For those times when I need to look at code, I mostly use Sublime Text, but for the next few weeks or months, I’ll be trialling Visual Studio Code. But first I had to install it. This post shows how I did it on Ubuntu 16.10. Same method works on Ubuntu 17.04.
Installation packages for Visual Studio Code are not in the official Ubuntu repository, but there are binary installation packages that you may download from the project’s download page. Another avenue for installation is via snaps, universal packages that work across Linux distributions.
Install Visual Studio Code from .deb file
To start with this method, download the .deb file from here and save it to your downloads folder. Then use the following command to install it:
# install using the .deb file sudo dpkg -i vscode_1.12.*_amd64.deb #
After installation has completed, start it from the launcher.
Install Visual Studio Code from snap
Installing Visual Studio Code from snap requires that the snapd service be running, which is the default on Ubuntu. Use the following commands to install it:
# To install Visual Studio Code from snap, first find it # > indicates output snap find vscode > Name Version Developer Notes Summary > vscode 1.12.2-1494422229 flexiondotorg classic Code editing. Redefined. # Then install it # the --classic option enables classic mode and disables security confinement sudo snap install --classic vscode > vscode 1.12.2-1494422229 from 'flexiondotorg' installed #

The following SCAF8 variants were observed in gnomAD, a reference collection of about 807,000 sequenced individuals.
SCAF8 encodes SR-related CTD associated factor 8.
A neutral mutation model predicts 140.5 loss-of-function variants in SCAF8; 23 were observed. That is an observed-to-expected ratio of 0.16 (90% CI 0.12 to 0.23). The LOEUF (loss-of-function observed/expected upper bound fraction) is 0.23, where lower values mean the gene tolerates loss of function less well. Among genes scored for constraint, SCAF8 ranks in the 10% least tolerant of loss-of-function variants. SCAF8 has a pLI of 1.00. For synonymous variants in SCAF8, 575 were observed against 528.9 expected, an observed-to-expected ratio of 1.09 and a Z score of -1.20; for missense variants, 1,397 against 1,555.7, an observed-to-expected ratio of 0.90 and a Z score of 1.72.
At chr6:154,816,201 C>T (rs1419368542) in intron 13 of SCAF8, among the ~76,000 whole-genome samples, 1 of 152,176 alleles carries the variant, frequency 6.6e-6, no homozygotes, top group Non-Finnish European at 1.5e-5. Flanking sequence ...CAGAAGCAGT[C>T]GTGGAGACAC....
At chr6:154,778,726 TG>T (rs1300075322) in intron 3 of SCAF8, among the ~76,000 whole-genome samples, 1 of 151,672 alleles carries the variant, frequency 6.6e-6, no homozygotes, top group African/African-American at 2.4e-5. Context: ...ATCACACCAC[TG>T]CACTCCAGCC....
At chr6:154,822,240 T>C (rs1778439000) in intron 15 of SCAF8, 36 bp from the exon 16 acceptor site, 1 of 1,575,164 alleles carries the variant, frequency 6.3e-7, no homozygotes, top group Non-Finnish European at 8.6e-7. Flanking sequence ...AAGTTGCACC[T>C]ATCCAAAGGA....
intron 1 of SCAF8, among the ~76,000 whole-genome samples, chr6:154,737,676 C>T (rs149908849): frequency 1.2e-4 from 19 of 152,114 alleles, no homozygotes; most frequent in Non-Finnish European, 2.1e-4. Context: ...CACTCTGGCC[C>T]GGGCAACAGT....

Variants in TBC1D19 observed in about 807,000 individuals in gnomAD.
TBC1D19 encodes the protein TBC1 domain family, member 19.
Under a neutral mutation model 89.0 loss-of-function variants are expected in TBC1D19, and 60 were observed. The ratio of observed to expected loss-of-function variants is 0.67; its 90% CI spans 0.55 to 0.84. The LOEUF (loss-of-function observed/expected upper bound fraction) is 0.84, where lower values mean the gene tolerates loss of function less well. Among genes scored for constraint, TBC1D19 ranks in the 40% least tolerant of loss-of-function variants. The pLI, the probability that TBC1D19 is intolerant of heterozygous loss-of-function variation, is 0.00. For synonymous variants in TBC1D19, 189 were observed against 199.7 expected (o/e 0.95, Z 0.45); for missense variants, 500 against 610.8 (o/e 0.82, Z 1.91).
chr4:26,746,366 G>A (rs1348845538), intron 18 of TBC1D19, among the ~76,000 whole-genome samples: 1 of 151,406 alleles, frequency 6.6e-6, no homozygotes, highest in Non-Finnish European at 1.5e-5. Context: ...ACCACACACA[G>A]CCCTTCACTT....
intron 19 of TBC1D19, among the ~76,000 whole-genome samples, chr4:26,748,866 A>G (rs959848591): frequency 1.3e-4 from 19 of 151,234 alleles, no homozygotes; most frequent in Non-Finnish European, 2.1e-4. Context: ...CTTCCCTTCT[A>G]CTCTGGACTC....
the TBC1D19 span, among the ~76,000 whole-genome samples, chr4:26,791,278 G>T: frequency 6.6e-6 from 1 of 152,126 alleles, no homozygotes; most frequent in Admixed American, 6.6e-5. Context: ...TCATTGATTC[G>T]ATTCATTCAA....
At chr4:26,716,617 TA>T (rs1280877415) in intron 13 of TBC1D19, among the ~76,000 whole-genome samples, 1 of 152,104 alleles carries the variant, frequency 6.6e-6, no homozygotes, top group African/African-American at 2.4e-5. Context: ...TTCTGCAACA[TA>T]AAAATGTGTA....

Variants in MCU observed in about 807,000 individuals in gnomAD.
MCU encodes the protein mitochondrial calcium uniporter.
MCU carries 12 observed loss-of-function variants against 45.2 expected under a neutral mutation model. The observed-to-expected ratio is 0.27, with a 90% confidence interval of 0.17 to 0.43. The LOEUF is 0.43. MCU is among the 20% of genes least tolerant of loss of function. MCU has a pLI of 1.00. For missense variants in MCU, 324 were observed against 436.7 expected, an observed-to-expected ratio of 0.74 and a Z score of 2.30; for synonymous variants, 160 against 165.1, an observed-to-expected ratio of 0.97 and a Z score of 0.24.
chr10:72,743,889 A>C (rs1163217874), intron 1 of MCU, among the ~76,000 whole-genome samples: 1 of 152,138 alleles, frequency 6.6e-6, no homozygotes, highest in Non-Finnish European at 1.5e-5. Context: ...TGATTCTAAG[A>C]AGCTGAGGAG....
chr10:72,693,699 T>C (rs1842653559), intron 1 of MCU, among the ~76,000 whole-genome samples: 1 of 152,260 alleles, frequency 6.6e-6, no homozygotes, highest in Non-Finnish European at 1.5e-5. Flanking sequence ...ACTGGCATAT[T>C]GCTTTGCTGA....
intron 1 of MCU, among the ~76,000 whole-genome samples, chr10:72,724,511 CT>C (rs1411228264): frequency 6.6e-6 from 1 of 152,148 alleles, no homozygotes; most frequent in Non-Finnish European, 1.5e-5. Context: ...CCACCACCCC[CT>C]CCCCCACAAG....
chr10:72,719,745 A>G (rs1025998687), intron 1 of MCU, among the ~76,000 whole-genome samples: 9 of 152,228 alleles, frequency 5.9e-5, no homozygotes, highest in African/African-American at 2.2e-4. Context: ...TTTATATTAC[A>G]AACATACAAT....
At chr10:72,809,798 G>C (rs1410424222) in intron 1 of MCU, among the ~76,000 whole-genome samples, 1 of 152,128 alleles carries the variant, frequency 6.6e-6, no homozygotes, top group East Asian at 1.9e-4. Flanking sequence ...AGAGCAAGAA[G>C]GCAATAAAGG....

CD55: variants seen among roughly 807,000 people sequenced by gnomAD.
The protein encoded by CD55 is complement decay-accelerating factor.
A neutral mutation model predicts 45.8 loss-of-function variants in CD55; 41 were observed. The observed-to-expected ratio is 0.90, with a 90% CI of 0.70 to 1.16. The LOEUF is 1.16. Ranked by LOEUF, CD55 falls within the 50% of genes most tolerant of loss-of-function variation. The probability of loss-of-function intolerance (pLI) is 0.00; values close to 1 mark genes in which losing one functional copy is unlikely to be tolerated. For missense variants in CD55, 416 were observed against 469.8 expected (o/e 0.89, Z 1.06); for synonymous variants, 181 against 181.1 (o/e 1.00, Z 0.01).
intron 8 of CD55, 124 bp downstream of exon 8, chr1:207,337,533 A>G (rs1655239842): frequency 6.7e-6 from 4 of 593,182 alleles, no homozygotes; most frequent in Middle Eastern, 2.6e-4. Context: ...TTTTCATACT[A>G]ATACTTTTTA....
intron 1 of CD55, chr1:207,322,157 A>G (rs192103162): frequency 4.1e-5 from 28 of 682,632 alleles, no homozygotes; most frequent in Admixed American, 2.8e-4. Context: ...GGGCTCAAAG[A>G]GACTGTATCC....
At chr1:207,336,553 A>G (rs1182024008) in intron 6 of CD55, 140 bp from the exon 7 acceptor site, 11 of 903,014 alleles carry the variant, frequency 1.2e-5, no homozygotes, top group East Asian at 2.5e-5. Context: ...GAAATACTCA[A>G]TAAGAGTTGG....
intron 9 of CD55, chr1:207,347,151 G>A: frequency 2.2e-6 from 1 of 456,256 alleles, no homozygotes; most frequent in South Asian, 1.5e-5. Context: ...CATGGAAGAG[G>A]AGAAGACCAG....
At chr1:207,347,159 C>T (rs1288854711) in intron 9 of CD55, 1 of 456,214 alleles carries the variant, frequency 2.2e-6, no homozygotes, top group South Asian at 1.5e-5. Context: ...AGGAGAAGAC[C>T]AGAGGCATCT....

After installation has completed using this method, launch it from the command line by typing the vscode command. Started from the command line or from the launcher will get you a main window like that in Figure 1. In may ways, Visual Studio Code is just like the Atom editor, though it appears to be a lot more resource-friendly.
Visual Studio Code ships with dozens of extensions. I’ll report back over the next few months on any issues I find while using this application.